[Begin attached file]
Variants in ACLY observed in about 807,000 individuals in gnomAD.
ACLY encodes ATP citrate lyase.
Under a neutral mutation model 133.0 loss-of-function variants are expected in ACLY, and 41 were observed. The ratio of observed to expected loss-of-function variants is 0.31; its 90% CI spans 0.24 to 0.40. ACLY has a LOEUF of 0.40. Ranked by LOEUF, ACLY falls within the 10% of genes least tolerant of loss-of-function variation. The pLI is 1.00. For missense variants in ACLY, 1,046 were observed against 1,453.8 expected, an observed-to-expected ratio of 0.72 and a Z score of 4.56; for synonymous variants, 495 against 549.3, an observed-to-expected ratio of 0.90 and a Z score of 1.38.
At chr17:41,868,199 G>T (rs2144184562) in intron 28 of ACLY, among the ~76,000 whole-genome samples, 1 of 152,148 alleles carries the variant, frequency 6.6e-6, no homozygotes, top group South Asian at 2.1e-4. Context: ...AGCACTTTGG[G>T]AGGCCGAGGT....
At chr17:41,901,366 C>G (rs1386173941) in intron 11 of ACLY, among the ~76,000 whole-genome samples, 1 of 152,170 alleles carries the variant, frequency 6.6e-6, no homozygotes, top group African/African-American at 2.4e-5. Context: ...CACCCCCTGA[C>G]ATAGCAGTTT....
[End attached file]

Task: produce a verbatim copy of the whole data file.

Variants in ACLY observed in about 807,000 individuals in gnomAD.
ACLY encodes ATP citrate lyase.
Under a neutral mutation model 133.0 loss-of-function variants are expected in ACLY, and 41 were observed. The ratio of observed to expected loss-of-function variants is 0.31; its 90% CI spans 0.24 to 0.40. ACLY has a LOEUF of 0.40. Ranked by LOEUF, ACLY falls within the 10% of genes least tolerant of loss-of-function variation. The pLI is 1.00. For missense variants in ACLY, 1,046 were observed against 1,453.8 expected, an observed-to-expected ratio of 0.72 and a Z score of 4.56; for synonymous variants, 495 against 549.3, an observed-to-expected ratio of 0.90 and a Z score of 1.38.
At chr17:41,868,199 G>T (rs2144184562) in intron 28 of ACLY, among the ~76,000 whole-genome samples, 1 of 152,148 alleles carries the variant, frequency 6.6e-6, no homozygotes, top group South Asian at 2.1e-4. Context: ...AGCACTTTGG[G>T]AGGCCGAGGT....
At chr17:41,901,366 C>G (rs1386173941) in intron 11 of ACLY, among the ~76,000 whole-genome samples, 1 of 152,170 alleles carries the variant, frequency 6.6e-6, no homozygotes, top group African/African-American at 2.4e-5. Context: ...CACCCCCTGA[C>G]ATAGCAGTTT....